Madrid players you most fear, and why?

“Besides the classic answers like Ramos, Toni Kroos, Karim Benzema and Luka Modric, three other players come to mind. Casemiro. He’s the rock and enforcer in the middle that is the metronome for the club. Similar to Remo Freuler on our side, Casemiro worries me in that he’ll neutralise pretty much anything that comes at him through the middle, putting much more offensive pressure on Gosens and Hateboer on the wings than I’d like. Vinicius Junior and Rodrygo Goes too. While they’re young and raw, they’re lightning quick. The biggest weakness in Atalanta’s defense is handling speed, and it will require Hateboer and Gosens to do even more tracking back to deal with them, since none of our central defenders can handle their speed. This circles back to worrying about Casemiro enforcing the middle. If Gosens and Hateboer are stretched thin having to provide offensively, how will they respond to their defensive duties of having to mark two of the fastest players in Europe? Atalanta struggled mightily with the speed of Neymar and Kylian Mbappe against Paris Saint Germain last year, and while Vinicius and Rodrygo don’t have the playmaking and finishing quality of those two, I envision they can still wreak similar havoc.”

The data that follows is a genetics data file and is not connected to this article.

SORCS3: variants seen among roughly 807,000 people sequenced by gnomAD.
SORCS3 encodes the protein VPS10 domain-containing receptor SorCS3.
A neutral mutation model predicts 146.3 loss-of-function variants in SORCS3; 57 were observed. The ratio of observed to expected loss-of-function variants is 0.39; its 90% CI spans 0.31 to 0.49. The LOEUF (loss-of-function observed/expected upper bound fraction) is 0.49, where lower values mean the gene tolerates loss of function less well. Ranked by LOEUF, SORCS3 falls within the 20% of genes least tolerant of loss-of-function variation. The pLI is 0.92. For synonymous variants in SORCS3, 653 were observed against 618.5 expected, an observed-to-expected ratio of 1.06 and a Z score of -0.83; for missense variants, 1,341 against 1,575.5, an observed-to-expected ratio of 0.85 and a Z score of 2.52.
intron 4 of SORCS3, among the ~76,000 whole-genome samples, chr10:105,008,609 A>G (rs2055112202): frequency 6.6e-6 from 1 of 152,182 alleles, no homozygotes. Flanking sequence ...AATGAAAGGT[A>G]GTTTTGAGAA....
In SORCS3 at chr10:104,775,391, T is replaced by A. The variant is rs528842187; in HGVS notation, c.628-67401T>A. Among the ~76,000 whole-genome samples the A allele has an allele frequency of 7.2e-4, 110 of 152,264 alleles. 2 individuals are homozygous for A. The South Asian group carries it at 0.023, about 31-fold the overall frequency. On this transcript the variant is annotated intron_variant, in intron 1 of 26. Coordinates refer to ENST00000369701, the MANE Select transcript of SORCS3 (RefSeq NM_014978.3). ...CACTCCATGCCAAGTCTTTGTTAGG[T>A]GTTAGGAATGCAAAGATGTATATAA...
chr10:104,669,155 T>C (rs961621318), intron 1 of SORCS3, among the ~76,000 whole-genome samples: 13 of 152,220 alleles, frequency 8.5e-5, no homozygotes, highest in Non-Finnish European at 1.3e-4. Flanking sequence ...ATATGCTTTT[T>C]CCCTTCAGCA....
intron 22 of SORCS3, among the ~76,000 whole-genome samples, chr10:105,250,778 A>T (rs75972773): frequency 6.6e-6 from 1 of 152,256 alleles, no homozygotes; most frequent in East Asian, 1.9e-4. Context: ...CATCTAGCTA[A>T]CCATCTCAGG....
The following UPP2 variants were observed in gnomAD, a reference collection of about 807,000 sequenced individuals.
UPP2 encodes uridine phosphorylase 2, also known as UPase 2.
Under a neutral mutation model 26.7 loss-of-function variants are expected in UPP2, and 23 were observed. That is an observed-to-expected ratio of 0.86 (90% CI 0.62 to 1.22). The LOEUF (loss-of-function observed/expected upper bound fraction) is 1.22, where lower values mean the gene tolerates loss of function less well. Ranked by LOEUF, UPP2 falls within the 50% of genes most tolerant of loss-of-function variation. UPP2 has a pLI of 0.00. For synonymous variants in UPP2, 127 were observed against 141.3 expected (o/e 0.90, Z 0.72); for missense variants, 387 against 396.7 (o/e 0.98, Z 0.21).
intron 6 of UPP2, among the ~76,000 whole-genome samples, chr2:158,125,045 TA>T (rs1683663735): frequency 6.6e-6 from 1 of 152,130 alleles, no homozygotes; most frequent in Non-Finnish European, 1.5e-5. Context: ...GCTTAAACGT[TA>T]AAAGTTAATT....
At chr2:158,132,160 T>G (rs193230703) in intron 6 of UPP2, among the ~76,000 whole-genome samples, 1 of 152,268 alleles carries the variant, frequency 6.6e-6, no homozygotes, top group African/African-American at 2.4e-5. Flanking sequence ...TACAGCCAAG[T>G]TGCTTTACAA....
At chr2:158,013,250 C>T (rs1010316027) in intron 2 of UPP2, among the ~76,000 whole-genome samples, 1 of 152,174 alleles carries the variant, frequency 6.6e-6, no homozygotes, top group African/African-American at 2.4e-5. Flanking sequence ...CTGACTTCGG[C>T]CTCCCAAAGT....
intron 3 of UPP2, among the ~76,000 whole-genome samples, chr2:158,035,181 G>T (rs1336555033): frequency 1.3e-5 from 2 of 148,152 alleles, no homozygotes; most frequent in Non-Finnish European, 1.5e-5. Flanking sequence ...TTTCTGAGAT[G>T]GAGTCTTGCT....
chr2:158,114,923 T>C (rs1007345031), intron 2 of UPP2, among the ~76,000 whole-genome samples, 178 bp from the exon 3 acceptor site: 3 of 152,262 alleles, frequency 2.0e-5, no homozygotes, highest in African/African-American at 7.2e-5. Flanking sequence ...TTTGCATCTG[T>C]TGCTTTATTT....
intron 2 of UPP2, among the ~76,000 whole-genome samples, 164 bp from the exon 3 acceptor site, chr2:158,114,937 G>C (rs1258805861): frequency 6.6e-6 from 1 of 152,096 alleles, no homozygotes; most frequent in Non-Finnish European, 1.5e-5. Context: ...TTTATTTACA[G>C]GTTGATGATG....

Areas which Atalanta struggle with in their gameplay?

“As mentioned above, their biggest weakness comes down to covering speed, especially on the counter. They can be incredibly vulnerable on the counter, which is by design sometimes given the number of bodies they put forward, but then they don’t have the speed to make up for lost possession. Their midfielders aren’t particularly speedy, so it normally comes down to Gosens, Hateboer or Romero – who has an incredibly quick first step, but doesn’t have elite speed for a center-back – having to chase down a counter, and if one of Hateboer or Gosens is in the opposition’s box contributing to attack, they can frequently and severely be out of position to provide any defensive cover. Offensively they can struggle to pick apart a team that parks the bus, but I don’t envision Real throwing nine or 10 men behind the ball to protect a draw!”

Particular games in which Atalanta have struggled with this season?